The IPKat chanced upon this in IP-Director.com, from "Global IT brands - does one size fit all?" by Bob McDowall:
"There has been an increase, at least to date, of globalisation of markets along with those who note that only a handful of truly global brands exist today, despite the increased globalisation of markets. In the IT sector the following would certainly qualify: Microsoft (with a recent survey valuing its brand at $65 billion), IBM ($53.8 billion), Intel ($33.5 billion) and Nokia ($24 billion). They have recognisable, consistent names. Their corporate sales are globally balanced but they have no dominant market; positioning and ingredients of the brand are the same across the world; they address the same customer needs, or the same target segment, in every market. They have similarity in so-called execution (pricing, packaging, advertising) across cultures. Other organisations such as Apple, Oracle, CA, Sun and SAP, to name but a few which would regard themselves as global companies, would not fit all these criteria.Perhaps they don't, but do consumers care so much about IT brands? Surely what they want is helplines that help, spare parts that are easily identified and supplied, plus the peace of mind that comes with knowing that you've bought something that works when you want it to. Global branding can provide a lot of comfort for anyone buying IT products in an unfamiliar jurisdiction.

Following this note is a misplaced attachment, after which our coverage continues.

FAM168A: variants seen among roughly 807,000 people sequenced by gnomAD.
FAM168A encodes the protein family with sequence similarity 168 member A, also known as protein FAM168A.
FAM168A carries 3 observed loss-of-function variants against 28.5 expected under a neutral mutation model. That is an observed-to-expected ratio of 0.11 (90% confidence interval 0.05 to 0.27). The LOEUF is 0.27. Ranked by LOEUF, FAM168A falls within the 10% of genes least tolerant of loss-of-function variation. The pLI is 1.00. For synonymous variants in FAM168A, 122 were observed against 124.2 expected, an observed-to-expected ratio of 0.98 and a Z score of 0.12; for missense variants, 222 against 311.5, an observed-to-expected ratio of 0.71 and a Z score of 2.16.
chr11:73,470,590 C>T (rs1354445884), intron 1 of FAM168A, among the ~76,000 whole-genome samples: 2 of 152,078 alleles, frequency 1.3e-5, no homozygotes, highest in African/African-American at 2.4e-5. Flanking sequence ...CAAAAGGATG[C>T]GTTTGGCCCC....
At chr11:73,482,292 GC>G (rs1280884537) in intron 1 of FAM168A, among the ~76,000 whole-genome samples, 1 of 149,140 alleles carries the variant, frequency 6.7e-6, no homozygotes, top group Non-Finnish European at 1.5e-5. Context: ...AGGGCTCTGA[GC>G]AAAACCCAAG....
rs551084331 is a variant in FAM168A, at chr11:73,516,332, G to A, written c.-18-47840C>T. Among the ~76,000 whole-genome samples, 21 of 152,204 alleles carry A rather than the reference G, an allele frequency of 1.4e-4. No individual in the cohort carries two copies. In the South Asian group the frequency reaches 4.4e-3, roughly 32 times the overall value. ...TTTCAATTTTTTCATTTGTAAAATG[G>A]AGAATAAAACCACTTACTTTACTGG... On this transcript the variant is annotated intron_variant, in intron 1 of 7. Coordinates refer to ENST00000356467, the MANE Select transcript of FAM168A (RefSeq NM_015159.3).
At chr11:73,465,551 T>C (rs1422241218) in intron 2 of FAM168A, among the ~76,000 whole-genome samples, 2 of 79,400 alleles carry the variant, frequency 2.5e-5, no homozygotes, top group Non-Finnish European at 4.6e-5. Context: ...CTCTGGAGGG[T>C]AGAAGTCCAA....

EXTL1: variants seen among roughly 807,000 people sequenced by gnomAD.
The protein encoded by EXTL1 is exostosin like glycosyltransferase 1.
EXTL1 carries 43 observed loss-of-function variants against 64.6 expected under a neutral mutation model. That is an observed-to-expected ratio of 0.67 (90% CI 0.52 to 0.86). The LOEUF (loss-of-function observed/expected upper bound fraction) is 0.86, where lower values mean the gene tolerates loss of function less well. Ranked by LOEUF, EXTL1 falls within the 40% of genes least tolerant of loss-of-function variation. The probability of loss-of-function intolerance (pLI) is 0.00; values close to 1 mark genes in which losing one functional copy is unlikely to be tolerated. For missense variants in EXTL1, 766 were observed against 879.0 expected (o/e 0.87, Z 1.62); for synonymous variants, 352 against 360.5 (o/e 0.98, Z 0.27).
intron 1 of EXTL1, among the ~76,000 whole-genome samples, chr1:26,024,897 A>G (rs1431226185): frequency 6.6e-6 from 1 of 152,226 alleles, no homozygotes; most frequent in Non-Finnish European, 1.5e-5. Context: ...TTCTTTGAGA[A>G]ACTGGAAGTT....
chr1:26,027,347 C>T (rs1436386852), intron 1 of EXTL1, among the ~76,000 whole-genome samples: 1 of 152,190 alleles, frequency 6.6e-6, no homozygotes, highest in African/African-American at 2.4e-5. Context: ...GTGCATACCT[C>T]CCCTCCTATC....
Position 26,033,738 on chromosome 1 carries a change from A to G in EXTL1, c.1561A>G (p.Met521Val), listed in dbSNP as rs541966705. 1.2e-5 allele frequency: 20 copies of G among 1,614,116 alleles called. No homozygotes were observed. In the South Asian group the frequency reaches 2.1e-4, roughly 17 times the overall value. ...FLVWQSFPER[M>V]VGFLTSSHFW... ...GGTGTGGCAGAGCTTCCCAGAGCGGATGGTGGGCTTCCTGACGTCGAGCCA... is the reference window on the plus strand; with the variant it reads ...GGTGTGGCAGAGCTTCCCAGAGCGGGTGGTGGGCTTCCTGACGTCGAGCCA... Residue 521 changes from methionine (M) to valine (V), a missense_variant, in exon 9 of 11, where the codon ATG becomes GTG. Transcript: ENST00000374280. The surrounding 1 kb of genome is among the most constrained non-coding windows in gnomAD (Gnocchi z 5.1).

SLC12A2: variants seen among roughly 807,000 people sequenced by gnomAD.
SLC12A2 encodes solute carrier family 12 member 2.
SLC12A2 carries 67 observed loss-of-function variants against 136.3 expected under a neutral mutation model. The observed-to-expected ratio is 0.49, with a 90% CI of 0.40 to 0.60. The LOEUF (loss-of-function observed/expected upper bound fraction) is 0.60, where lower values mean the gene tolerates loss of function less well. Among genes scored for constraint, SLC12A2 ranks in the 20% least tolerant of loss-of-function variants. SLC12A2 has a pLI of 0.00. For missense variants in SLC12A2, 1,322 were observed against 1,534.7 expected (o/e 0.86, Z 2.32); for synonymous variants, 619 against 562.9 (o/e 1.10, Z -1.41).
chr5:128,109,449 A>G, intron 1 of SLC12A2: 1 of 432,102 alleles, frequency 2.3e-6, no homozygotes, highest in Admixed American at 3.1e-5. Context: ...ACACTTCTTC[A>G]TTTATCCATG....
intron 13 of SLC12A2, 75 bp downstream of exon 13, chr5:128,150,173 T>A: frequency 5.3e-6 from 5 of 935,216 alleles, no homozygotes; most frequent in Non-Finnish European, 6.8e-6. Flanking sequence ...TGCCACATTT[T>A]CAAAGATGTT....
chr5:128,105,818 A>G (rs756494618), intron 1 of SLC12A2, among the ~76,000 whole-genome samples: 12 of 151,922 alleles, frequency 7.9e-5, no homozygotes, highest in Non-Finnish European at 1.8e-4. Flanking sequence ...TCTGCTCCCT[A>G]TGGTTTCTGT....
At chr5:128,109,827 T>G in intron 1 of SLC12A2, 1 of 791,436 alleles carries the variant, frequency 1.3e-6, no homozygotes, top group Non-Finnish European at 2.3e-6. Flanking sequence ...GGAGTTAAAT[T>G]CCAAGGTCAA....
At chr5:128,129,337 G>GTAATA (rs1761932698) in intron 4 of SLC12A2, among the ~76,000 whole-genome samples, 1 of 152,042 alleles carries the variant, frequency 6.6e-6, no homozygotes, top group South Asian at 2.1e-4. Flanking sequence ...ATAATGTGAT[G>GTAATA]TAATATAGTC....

Should becoming a global brand be an objective in itself for a corporation? For IT companies, particularly those providing hardware or software for exactly the same purposes, use and with very little specification adaptation, it is probably easier to establish a global brand. However, global branding is not an all-or-nothing proposition. Companies do not need to create one-size-fits-all global brands just because the world appears to be shrinking".
Nokia: originally a local brand, but IT applications made it global